Daphne Blake is a character in the Scooby-Doo franchise. In the first season of Scooby Doo Where Are You! She was voiced by Indira Stefanianna Christopherson. Heather North took over the role in 1970 and held it well into the 1980s. In many episodes, Daphne either was abducted by the villain or acted clumsily, earning the nickname "Danger-Prone Daphne".
Together with her other teenage companions, Fred Jones, Norville "Shaggy" Rogers, Velma Dinkley and Shaggy's pet great Dane, Scooby-Doo, Daphne would engage in solving various mysteries. Daphne was portrayed as the enthusiastic and very beautiful, but clumsy and danger-prone (hence her nickname "Danger-Prone Daphne"; revealed by her cousin, Shannon, being danger-prone is a Blake family trait in Scooby-Doo and the Loch Ness Monster) member of the gang, who always follows her intuition. She serves as the damsel in distress and would occasionally get kidnapped, tied up, gagged and left imprisoned. Scooby and Shaggy usually save her, but sometimes Fred and Velma do it. Very occasionally, Daphne's rescued by all of the gang. But as the franchise went on, she became a stronger, more independent character who can take care of herself. Daphne's character is the most developed in the starring cast, going from a klutzy teenager to a successful journalist to an ingenuous fashionista to a black-belt martial artist. When Scooby is nowhere to be found, Daphne also yells, "Scooby-Doo! Where are you?!"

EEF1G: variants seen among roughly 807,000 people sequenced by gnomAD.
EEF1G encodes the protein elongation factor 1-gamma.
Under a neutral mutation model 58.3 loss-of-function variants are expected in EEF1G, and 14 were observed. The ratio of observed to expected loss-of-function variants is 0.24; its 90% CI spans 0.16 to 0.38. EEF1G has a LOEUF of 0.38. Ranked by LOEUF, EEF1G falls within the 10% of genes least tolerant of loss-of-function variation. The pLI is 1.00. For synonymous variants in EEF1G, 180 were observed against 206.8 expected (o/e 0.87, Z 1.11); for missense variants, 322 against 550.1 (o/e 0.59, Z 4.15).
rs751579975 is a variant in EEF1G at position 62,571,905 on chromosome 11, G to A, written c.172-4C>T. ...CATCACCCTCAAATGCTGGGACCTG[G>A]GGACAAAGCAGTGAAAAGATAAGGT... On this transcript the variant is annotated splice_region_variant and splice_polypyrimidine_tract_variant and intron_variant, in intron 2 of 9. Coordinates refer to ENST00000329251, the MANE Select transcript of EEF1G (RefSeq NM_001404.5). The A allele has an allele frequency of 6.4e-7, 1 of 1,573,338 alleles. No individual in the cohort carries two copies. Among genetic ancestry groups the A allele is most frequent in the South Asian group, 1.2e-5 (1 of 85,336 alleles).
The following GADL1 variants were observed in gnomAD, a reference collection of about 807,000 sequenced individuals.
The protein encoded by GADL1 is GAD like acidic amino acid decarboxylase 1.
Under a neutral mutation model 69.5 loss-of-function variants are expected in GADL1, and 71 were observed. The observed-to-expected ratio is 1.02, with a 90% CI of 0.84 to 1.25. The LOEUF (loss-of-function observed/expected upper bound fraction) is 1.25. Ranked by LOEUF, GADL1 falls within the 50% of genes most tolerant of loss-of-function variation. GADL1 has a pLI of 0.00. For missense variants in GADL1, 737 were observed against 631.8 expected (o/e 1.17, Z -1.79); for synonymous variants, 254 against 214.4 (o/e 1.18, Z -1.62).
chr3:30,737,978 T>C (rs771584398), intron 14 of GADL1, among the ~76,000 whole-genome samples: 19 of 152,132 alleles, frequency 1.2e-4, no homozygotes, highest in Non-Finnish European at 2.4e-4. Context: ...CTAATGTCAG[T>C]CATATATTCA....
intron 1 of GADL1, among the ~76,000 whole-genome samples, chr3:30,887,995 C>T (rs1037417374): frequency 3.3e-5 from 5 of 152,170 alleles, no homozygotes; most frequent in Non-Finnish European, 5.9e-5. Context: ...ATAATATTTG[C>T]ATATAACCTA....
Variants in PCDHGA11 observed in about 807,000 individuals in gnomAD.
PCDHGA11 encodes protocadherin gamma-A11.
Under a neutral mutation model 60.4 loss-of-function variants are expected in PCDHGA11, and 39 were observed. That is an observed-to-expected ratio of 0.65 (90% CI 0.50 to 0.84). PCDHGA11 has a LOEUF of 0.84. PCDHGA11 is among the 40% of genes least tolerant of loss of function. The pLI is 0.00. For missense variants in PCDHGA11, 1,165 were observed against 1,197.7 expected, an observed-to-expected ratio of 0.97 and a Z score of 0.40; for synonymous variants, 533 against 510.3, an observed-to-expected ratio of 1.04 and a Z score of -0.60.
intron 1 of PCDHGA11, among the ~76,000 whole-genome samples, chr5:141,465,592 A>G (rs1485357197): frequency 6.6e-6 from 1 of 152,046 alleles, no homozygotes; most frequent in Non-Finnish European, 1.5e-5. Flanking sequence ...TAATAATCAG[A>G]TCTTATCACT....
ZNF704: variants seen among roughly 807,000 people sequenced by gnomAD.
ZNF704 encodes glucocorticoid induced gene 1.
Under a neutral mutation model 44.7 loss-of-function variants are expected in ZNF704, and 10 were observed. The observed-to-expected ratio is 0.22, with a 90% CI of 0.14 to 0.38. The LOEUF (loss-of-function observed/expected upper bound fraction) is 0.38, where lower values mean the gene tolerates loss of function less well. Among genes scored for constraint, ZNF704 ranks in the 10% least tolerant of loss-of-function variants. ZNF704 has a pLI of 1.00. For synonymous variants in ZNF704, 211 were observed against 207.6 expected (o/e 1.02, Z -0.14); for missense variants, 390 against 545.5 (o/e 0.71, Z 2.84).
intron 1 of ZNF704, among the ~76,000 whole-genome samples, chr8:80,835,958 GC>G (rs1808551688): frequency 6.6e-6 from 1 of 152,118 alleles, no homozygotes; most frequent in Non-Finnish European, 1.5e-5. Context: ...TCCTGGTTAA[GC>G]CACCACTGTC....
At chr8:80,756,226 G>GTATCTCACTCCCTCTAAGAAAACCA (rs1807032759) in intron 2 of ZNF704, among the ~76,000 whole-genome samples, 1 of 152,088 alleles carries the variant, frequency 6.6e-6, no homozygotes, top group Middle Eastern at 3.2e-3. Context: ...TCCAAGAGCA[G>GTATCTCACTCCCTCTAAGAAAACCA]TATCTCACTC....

During the series' fourth incarnation, Scooby-Doo and Scrappy-Doo, some of the episodes focused on Daphne. In the episode "Shiver and Shake, That Demon's a Snake", Daphne buys an idol which is cursed by the snake demon. On the sailboat, the snake demon attacks Daphne and demands that she return an idol. Daphne throws it to Scooby, Shaggy and Scrappy. In the episode "The Scary Sky Skeleton", Daphne is reunited with her old friend, Wendy. In the episode "I Left My Neck in San Francisco", Daphne becomes ill and she's unable to help the gang to solve the mystery about The Lady Vampire of the Bay. Due to the vampire's look, Daphne's unseen reflection in the mirror, the bat flying around Daphne's bed and herself returning to bed a little later, Scooby, Shaggy and Scrappy are convinced that Daphne is a vampire. When the vampiress is revealed to be Lefty Callahan, Scooby, Shaggy and Scrappy realize they made a mistake with suspecting Daphne and she's feeling good again.